Dreama40 says:

Hogan unwound his lower body better than just about anybody which is why everything else followed on plane.

1cleandude says:

Really good information sir, thank you!!  Wishing we had Konica Swing Vision back then!  Couldn't you look at slo-mo swings of Chad Campbell and Johnathon Bryd to illustrate similar traits?  Again thanks for your time, expertise and talent!!

Harry Brett says:

Best swing tip of all time for me. If you keep that right elbow below the shaft plane, your right hand and right side can not take over the downswing. Also, the pace and control of the elbow coming down will also keep you from hitting from the top. Try varying the pace with which you bring it down and watch what it does to the ball. This elbow movement also brought me to a complete balanced finish. It does not get any better than that. Worked for all clubs in the bag.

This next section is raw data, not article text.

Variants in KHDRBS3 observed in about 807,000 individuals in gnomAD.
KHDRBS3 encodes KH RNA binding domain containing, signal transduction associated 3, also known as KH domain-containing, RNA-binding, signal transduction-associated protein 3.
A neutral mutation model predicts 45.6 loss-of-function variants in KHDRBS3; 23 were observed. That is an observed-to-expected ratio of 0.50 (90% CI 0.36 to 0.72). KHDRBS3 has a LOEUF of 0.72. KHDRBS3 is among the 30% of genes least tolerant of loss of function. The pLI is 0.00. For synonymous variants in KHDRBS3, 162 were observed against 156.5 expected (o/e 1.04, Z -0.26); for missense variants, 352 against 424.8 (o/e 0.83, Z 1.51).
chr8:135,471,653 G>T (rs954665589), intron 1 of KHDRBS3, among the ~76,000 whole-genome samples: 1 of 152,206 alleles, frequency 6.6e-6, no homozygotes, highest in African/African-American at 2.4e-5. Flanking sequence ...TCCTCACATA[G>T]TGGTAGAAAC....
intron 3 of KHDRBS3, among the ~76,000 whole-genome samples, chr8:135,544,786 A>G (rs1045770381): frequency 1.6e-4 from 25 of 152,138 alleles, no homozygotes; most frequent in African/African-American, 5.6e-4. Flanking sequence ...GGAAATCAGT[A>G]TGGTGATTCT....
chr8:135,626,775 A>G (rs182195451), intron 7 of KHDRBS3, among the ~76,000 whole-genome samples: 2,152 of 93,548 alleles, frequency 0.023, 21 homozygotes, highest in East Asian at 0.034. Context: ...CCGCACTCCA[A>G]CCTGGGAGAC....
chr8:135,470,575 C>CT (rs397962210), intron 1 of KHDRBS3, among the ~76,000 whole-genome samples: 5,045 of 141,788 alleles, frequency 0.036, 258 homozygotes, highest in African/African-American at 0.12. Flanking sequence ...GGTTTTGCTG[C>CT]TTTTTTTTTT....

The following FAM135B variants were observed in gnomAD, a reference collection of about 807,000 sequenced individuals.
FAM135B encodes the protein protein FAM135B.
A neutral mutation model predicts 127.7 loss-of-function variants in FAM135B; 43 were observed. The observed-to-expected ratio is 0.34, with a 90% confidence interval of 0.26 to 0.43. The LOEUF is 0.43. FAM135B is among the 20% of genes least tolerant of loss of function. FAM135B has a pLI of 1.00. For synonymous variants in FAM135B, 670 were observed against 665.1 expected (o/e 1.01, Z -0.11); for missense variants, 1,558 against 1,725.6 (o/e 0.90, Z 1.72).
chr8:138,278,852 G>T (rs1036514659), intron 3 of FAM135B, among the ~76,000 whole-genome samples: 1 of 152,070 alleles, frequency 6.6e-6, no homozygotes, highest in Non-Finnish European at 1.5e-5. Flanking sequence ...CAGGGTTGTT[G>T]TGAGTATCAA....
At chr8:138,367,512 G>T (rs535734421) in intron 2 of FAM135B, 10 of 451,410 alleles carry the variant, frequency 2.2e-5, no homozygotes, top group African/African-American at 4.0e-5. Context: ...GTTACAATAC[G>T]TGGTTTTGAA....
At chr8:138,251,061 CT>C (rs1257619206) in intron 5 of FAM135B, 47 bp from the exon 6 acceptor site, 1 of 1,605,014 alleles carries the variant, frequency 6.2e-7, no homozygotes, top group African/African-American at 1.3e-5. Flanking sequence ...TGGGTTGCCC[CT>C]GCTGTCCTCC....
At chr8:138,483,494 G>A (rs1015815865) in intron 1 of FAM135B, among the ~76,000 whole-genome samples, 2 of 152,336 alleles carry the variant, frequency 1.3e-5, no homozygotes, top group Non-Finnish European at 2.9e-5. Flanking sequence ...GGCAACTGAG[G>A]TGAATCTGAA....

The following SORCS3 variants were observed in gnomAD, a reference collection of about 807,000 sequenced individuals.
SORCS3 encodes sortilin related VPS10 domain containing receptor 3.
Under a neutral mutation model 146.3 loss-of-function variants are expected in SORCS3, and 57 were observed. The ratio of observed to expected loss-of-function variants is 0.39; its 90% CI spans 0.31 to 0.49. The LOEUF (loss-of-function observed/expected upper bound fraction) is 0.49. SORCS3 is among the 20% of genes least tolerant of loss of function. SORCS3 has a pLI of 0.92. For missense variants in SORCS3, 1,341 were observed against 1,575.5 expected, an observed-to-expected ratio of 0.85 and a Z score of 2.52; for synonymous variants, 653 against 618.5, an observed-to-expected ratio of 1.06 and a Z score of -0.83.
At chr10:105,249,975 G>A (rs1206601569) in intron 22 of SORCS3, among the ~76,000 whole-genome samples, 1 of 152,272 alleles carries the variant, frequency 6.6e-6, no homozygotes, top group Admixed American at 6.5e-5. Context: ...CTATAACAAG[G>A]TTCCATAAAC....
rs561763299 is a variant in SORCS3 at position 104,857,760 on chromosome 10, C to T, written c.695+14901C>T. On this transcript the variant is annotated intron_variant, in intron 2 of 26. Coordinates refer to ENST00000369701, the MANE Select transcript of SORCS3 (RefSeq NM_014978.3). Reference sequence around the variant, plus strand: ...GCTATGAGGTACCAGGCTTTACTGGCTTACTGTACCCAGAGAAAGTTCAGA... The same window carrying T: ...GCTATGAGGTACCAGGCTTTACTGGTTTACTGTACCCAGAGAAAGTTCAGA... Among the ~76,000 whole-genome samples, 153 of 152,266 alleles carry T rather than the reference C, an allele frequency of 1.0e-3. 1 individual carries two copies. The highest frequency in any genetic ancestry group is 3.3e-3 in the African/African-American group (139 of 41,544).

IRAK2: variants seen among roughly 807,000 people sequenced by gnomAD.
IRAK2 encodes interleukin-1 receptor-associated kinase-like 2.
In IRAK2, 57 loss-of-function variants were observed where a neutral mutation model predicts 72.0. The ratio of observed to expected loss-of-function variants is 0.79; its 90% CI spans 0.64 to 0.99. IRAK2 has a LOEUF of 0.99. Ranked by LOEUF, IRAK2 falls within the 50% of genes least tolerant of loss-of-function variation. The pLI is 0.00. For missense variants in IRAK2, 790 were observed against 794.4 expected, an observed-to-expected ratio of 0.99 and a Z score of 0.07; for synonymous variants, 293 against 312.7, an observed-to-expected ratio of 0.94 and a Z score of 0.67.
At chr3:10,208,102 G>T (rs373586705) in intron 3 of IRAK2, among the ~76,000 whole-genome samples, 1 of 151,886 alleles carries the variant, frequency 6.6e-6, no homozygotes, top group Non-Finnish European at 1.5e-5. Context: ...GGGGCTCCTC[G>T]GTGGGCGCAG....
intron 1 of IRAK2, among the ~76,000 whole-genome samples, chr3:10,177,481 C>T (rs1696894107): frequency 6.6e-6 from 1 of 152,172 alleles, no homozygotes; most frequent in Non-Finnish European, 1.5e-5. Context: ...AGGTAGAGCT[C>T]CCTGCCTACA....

Troy Lee says:

Hogan said that the downswing was on a different plane than the backswing, that the plane was rotated towards the target on the planes point. This makes the downswing angle much steeper to the ball and also inside the arc of the backswing. That explains the elbow under the plane back to the ball since the angle is more downward.
I contend this is the natural outcome of the weight shift to the left with the lower body. That is the shift that moves the downswing plane to the inside of the backswing arc. From there he said he would imagine pulling DOWN on the shaft with his hands headed straight for the ball. This move down with the hands is controlled be gravity mostly at first and if you try it you can feel the club drop into the slot for the downswing as you now unwind, it automatically returns the club back on plane. His book shows this in pictures of the swing plane. The hands MUST drop a little after the weight shift because that is the only way to get them onto the downswing swing plane which once again is angled much more steeply to the ball than was the backswing plane.

S Regan says:

Please look at the difference in the right hip between his early swing at (2:32) and his later swing at (4:15). To me it looks like the right hip is driving the swing at (4:15) where it is being dragged along in the earlier swing at (2:32)